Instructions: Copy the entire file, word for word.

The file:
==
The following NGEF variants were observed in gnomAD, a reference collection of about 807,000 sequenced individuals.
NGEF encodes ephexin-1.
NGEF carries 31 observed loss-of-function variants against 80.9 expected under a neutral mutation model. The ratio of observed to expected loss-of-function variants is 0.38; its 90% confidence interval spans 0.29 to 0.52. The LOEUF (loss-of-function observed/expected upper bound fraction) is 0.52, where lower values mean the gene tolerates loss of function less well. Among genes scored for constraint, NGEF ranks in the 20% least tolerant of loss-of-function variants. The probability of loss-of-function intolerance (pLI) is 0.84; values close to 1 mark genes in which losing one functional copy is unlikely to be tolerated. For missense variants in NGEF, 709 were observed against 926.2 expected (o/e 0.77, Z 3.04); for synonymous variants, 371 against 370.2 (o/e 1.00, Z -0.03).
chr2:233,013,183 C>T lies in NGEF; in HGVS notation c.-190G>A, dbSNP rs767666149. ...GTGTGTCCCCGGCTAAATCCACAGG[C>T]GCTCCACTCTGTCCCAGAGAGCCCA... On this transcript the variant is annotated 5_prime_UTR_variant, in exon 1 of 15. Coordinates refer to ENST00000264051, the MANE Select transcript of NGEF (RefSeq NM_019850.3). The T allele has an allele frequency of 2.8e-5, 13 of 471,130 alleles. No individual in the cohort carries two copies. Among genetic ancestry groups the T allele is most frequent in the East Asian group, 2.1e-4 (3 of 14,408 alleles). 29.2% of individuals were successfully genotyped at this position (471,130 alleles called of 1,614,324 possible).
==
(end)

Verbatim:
The following NGEF variants were observed in gnomAD, a reference collection of about 807,000 sequenced individuals.
NGEF encodes ephexin-1.
NGEF carries 31 observed loss-of-function variants against 80.9 expected under a neutral mutation model. The ratio of observed to expected loss-of-function variants is 0.38; its 90% confidence interval spans 0.29 to 0.52. The LOEUF (loss-of-function observed/expected upper bound fraction) is 0.52, where lower values mean the gene tolerates loss of function less well. Among genes scored for constraint, NGEF ranks in the 20% least tolerant of loss-of-function variants. The probability of loss-of-function intolerance (pLI) is 0.84; values close to 1 mark genes in which losing one functional copy is unlikely to be tolerated. For missense variants in NGEF, 709 were observed against 926.2 expected (o/e 0.77, Z 3.04); for synonymous variants, 371 against 370.2 (o/e 1.00, Z -0.03).
chr2:233,013,183 C>T lies in NGEF; in HGVS notation c.-190G>A, dbSNP rs767666149. ...GTGTGTCCCCGGCTAAATCCACAGG[C>T]GCTCCACTCTGTCCCAGAGAGCCCA... On this transcript the variant is annotated 5_prime_UTR_variant, in exon 1 of 15. Coordinates refer to ENST00000264051, the MANE Select transcript of NGEF (RefSeq NM_019850.3). The T allele has an allele frequency of 2.8e-5, 13 of 471,130 alleles. No individual in the cohort carries two copies. Among genetic ancestry groups the T allele is most frequent in the East Asian group, 2.1e-4 (3 of 14,408 alleles). 29.2% of individuals were successfully genotyped at this position (471,130 alleles called of 1,614,324 possible).